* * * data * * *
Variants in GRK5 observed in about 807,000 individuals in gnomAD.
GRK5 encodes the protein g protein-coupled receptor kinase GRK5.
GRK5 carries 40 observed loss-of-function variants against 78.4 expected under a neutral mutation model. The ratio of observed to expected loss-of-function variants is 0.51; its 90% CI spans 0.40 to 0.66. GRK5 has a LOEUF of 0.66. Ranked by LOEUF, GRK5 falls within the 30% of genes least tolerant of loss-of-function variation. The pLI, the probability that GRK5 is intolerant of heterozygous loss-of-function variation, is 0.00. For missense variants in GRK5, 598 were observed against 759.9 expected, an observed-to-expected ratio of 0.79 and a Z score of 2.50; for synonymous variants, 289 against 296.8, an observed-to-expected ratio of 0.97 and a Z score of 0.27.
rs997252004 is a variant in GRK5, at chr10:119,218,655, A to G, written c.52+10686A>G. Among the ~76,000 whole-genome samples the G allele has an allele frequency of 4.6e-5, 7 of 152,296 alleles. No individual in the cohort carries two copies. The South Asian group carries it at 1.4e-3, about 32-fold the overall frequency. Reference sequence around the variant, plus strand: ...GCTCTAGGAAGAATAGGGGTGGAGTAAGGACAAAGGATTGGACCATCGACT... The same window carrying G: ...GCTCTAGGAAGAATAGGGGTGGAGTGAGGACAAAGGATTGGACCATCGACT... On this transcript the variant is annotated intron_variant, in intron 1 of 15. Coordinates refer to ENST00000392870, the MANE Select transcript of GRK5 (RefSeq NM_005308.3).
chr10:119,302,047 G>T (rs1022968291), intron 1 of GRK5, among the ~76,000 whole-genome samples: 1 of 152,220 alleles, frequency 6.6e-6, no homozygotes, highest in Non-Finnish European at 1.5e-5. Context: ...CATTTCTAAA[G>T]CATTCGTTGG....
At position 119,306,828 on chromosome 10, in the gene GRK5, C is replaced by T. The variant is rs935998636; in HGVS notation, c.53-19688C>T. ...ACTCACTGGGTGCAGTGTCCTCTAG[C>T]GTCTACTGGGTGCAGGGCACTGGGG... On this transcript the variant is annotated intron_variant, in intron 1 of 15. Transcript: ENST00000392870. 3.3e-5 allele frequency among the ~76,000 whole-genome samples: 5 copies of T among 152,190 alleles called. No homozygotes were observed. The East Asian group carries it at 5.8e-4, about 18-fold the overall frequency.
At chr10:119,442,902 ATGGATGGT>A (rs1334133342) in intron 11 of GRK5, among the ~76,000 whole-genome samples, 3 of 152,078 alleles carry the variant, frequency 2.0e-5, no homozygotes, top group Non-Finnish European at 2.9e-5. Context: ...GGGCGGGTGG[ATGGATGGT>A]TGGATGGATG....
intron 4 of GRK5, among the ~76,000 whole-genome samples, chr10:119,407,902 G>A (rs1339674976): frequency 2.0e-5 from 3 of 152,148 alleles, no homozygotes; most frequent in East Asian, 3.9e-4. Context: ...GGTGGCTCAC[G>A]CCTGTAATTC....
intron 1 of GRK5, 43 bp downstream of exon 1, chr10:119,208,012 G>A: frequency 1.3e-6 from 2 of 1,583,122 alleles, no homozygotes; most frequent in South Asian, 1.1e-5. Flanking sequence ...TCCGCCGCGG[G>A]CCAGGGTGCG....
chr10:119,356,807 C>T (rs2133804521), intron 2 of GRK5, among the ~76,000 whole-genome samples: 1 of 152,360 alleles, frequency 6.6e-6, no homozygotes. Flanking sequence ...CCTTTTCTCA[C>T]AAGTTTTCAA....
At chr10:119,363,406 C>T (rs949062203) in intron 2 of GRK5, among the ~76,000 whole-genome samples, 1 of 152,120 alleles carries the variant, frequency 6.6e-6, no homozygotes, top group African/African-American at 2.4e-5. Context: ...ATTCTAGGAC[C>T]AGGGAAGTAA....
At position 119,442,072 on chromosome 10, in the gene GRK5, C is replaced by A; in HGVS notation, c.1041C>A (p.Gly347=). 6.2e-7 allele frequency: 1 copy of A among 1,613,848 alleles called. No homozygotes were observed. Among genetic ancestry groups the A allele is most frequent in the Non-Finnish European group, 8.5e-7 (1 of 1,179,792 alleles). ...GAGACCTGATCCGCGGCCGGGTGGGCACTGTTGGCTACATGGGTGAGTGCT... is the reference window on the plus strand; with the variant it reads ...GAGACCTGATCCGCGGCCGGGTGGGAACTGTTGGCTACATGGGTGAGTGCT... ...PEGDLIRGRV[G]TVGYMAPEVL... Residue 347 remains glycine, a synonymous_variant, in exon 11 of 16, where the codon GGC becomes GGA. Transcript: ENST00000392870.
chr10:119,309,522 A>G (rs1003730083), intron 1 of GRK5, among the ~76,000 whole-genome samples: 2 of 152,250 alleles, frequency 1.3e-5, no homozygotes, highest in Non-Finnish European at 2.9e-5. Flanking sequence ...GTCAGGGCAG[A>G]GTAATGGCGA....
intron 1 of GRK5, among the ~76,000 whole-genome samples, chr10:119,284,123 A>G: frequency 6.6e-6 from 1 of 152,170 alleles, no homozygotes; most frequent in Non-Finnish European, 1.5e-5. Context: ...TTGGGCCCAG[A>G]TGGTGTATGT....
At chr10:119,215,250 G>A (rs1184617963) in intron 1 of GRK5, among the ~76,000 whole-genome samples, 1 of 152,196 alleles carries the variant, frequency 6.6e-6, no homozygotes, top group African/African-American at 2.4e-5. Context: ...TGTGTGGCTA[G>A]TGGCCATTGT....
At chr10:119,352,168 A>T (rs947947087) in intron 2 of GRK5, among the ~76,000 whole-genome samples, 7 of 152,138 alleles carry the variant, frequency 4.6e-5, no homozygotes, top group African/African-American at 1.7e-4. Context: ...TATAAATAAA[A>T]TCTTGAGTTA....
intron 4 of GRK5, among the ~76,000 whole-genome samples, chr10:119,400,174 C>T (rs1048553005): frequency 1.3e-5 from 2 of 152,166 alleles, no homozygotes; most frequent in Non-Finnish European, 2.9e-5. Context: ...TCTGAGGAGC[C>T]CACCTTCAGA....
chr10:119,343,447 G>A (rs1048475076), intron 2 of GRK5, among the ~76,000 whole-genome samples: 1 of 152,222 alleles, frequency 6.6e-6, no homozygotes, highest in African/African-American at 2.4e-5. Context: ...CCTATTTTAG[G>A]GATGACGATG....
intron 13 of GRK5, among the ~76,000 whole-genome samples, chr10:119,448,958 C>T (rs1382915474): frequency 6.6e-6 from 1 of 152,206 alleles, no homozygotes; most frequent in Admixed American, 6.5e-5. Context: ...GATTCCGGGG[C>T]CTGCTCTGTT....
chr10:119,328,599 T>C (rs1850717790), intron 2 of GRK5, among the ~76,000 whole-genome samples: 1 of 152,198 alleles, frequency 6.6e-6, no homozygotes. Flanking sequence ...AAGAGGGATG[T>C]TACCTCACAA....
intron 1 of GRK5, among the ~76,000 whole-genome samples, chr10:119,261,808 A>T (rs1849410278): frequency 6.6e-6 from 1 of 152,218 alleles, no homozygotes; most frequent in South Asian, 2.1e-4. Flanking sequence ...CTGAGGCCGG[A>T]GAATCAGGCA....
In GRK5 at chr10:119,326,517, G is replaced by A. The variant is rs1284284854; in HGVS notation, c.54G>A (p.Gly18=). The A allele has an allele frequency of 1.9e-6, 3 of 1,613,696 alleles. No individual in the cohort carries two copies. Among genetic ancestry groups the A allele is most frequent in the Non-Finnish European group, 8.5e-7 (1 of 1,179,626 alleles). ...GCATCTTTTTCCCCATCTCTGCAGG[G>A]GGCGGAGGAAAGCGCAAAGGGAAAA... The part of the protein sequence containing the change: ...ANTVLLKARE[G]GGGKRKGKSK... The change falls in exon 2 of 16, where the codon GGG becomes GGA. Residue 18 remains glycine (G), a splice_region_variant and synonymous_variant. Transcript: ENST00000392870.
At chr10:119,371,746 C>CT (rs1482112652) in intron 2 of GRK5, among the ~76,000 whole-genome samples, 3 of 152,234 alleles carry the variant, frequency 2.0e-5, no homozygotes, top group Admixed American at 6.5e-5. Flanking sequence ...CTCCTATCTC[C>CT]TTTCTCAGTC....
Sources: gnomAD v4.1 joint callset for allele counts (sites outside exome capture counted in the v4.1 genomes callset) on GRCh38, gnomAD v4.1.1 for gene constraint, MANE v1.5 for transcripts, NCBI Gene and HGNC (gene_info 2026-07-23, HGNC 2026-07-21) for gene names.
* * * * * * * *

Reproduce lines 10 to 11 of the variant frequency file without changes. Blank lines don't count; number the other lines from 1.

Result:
chr10:119,356,807 C>T (rs2133804521), intron 2 of GRK5, among the ~76,000 whole-genome samples: 1 of 152,360 alleles, frequency 6.6e-6, no homozygotes. Flanking sequence ...CCTTTTCTCA[C>T]AAGTTTTCAA....
At chr10:119,363,406 C>T (rs949062203) in intron 2 of GRK5, among the ~76,000 whole-genome samples, 1 of 152,120 alleles carries the variant, frequency 6.6e-6, no homozygotes, top group African/African-American at 2.4e-5. Context: ...ATTCTAGGAC[C>T]AGGGAAGTAA....